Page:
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School choice has many benefits. It frees people to select the type of education that will best serve their families. It makes educators accountable to the people they are supposed to work for. And study after study proves it typically leads to improved academic outcomes. But despite these advantages, that does not mean the federal government should push choice in a nationwide program. The dangers may be too great.
If the federal government delivered choice through a new nationwide model, it would likely swamp these democratic labs and snuff out competition among differing choice policies, including vouchers, education savings accounts and other ideas of which no one has yet dreamt.
The Trump administration has made clear that it wants to support school choice. In his February address to Congress, the president called education “the civil rights issue of our time,” and he has pledged to direct $20 billion to advance choice. He also picked school choice stalwart Betsy DeVos as his education secretary.
We can glimpse what that might look like in higher education, where federal student aid makes schools and students dependent on Washington and drives the federal government’s regulatory tentacles deep into the education system.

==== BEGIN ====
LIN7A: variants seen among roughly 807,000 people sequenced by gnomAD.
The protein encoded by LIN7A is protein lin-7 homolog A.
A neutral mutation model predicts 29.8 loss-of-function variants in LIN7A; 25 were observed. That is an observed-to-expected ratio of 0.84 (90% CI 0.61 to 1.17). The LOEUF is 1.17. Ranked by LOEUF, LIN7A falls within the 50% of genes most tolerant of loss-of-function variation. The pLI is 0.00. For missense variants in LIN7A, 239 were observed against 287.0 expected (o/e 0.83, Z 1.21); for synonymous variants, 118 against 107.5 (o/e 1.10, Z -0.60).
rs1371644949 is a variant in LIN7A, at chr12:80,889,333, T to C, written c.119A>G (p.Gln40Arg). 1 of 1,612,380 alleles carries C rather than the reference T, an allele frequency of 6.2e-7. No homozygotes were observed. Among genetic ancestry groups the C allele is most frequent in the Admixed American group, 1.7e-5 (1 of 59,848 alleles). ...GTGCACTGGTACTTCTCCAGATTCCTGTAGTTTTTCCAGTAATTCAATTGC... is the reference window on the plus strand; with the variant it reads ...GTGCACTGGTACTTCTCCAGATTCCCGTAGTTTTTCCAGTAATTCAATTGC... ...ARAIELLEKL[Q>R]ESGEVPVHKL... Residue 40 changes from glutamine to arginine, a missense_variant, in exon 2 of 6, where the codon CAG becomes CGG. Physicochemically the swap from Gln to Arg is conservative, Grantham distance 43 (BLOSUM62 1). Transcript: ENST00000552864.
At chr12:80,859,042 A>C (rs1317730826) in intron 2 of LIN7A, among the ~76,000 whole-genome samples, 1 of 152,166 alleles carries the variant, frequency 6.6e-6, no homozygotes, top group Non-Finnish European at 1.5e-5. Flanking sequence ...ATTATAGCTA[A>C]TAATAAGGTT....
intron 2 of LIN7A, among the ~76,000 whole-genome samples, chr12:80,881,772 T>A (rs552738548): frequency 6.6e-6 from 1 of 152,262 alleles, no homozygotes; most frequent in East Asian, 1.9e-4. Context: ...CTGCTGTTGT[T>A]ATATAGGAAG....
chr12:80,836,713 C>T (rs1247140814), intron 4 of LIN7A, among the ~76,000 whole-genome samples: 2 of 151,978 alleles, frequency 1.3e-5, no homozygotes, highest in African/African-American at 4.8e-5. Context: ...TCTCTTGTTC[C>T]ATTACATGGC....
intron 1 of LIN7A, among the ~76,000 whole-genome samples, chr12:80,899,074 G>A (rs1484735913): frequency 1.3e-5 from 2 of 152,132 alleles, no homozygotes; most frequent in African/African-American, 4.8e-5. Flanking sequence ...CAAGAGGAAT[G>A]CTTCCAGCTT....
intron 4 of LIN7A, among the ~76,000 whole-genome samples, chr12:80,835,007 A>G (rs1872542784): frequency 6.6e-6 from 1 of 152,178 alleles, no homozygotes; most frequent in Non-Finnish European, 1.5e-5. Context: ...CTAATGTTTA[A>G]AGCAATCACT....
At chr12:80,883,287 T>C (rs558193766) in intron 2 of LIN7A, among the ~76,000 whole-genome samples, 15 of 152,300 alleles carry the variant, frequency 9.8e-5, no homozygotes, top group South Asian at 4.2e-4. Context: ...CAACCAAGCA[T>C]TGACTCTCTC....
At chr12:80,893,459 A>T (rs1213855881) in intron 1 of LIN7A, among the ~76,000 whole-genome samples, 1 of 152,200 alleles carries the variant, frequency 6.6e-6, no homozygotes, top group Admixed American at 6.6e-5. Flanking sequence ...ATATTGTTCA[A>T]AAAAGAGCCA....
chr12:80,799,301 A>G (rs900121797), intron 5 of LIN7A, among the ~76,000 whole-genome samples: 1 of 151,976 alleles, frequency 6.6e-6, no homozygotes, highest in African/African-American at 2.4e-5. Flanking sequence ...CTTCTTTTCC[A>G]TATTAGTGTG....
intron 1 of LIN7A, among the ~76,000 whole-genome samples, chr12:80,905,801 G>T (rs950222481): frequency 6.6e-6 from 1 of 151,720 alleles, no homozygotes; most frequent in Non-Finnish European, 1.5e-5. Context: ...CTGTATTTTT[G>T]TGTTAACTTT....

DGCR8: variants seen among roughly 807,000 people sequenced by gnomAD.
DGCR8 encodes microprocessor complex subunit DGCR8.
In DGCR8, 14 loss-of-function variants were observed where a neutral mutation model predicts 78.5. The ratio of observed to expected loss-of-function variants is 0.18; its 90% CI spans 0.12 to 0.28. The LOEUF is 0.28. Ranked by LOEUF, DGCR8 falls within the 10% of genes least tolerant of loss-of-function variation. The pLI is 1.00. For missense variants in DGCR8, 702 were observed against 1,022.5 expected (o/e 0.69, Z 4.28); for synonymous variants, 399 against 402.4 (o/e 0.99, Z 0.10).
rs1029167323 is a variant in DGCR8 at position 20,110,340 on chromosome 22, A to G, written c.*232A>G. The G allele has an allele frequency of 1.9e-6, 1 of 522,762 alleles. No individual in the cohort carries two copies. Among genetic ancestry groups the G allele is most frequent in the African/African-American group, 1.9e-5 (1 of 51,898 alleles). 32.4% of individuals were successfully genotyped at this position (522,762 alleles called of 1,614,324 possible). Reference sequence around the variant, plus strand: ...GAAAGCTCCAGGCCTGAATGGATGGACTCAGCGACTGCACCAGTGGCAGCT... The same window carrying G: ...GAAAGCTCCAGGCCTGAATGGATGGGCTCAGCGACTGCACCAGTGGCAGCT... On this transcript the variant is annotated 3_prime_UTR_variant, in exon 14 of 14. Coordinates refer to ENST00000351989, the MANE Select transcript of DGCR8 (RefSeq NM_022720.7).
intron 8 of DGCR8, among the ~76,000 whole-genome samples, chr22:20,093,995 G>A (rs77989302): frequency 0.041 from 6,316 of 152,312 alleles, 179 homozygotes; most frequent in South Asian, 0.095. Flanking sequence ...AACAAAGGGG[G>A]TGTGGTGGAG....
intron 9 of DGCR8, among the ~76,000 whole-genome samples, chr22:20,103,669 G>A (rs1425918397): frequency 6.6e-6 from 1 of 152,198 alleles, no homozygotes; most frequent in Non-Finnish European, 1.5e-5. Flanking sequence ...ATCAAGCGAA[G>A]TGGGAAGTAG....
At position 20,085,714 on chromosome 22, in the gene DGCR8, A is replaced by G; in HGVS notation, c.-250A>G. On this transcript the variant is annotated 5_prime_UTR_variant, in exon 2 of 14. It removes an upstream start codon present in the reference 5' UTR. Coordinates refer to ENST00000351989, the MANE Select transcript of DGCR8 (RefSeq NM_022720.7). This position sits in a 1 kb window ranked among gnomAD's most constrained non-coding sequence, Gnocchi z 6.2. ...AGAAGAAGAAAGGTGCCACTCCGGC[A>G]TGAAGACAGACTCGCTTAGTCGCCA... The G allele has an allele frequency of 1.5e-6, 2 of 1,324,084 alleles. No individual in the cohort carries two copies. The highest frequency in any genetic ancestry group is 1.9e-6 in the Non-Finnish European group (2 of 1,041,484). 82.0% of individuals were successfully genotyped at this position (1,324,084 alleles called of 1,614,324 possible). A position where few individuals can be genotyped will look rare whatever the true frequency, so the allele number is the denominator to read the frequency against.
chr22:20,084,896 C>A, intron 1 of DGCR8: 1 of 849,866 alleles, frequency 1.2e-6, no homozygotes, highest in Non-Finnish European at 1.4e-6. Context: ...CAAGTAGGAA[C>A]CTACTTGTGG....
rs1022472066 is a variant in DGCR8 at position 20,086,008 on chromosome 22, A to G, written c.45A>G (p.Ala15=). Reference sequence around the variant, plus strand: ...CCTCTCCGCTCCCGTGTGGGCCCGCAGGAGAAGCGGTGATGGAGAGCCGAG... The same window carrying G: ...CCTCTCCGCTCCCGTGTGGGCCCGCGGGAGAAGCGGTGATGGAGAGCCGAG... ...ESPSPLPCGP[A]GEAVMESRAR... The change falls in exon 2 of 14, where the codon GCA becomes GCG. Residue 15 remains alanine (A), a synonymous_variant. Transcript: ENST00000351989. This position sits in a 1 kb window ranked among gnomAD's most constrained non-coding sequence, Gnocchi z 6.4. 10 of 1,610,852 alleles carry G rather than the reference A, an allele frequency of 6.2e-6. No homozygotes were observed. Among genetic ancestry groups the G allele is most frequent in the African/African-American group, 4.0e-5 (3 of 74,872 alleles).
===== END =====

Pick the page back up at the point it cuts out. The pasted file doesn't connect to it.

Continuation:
In the 1970-1971 academic year, total federal aid for higher education was just $16 billion. Today it is around $158 billion. In 1992-1993, 45 percent of full-time, full-year undergraduates used some form of federal aid. By 2011-2012, that share had jumped to nearly 73 percent.
Those offer major opportunities to create choices where few or none exist. Along with use of the bully pulpit to promote state-level choice, they would go far to advance the cause of educational freedom and opportunity.
Lindsey Burke directs the Heritage Foundation’s Center for Education Policy.
Neal McCluskey directs the Cato Institute’s Center for Educational Freedom.
Vicki Alger is a research fellow at the Independent Institute, a senior fellow at the Independent Women’s Forum and the author of “Failure: The Federal ‘Misedukation’ of America’s Children.”